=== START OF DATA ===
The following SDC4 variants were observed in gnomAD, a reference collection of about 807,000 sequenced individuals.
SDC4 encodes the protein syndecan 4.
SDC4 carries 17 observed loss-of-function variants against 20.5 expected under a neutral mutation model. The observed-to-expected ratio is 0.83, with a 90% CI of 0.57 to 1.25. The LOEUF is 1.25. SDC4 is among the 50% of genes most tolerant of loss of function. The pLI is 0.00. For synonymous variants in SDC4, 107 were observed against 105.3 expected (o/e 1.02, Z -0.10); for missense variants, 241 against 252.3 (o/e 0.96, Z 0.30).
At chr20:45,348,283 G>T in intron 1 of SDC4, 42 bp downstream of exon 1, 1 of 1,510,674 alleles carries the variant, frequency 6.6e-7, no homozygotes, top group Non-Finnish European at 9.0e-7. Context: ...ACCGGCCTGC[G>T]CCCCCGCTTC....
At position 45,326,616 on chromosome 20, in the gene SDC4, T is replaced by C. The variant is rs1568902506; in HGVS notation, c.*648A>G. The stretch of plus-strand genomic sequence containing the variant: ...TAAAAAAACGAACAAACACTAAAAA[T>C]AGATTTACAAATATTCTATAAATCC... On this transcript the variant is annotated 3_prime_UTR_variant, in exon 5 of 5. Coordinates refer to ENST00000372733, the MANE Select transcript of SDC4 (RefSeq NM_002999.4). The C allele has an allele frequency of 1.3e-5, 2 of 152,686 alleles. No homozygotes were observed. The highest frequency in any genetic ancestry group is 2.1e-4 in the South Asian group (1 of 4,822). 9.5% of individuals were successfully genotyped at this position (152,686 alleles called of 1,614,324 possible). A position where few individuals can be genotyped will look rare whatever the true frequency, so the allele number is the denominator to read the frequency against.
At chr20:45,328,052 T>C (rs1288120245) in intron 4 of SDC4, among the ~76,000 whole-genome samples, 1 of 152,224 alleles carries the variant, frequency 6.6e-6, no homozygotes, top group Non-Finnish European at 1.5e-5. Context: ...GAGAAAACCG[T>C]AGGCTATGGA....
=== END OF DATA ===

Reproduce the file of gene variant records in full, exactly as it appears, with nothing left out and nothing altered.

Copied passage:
The following SDC4 variants were observed in gnomAD, a reference collection of about 807,000 sequenced individuals.
SDC4 encodes the protein syndecan 4.
SDC4 carries 17 observed loss-of-function variants against 20.5 expected under a neutral mutation model. The observed-to-expected ratio is 0.83, with a 90% CI of 0.57 to 1.25. The LOEUF is 1.25. SDC4 is among the 50% of genes most tolerant of loss of function. The pLI is 0.00. For synonymous variants in SDC4, 107 were observed against 105.3 expected (o/e 1.02, Z -0.10); for missense variants, 241 against 252.3 (o/e 0.96, Z 0.30).
At chr20:45,348,283 G>T in intron 1 of SDC4, 42 bp downstream of exon 1, 1 of 1,510,674 alleles carries the variant, frequency 6.6e-7, no homozygotes, top group Non-Finnish European at 9.0e-7. Context: ...ACCGGCCTGC[G>T]CCCCCGCTTC....
At position 45,326,616 on chromosome 20, in the gene SDC4, T is replaced by C. The variant is rs1568902506; in HGVS notation, c.*648A>G. The stretch of plus-strand genomic sequence containing the variant: ...TAAAAAAACGAACAAACACTAAAAA[T>C]AGATTTACAAATATTCTATAAATCC... On this transcript the variant is annotated 3_prime_UTR_variant, in exon 5 of 5. Coordinates refer to ENST00000372733, the MANE Select transcript of SDC4 (RefSeq NM_002999.4). The C allele has an allele frequency of 1.3e-5, 2 of 152,686 alleles. No homozygotes were observed. The highest frequency in any genetic ancestry group is 2.1e-4 in the South Asian group (1 of 4,822). 9.5% of individuals were successfully genotyped at this position (152,686 alleles called of 1,614,324 possible). A position where few individuals can be genotyped will look rare whatever the true frequency, so the allele number is the denominator to read the frequency against.
At chr20:45,328,052 T>C (rs1288120245) in intron 4 of SDC4, among the ~76,000 whole-genome samples, 1 of 152,224 alleles carries the variant, frequency 6.6e-6, no homozygotes, top group Non-Finnish European at 1.5e-5. Context: ...GAGAAAACCG[T>C]AGGCTATGGA....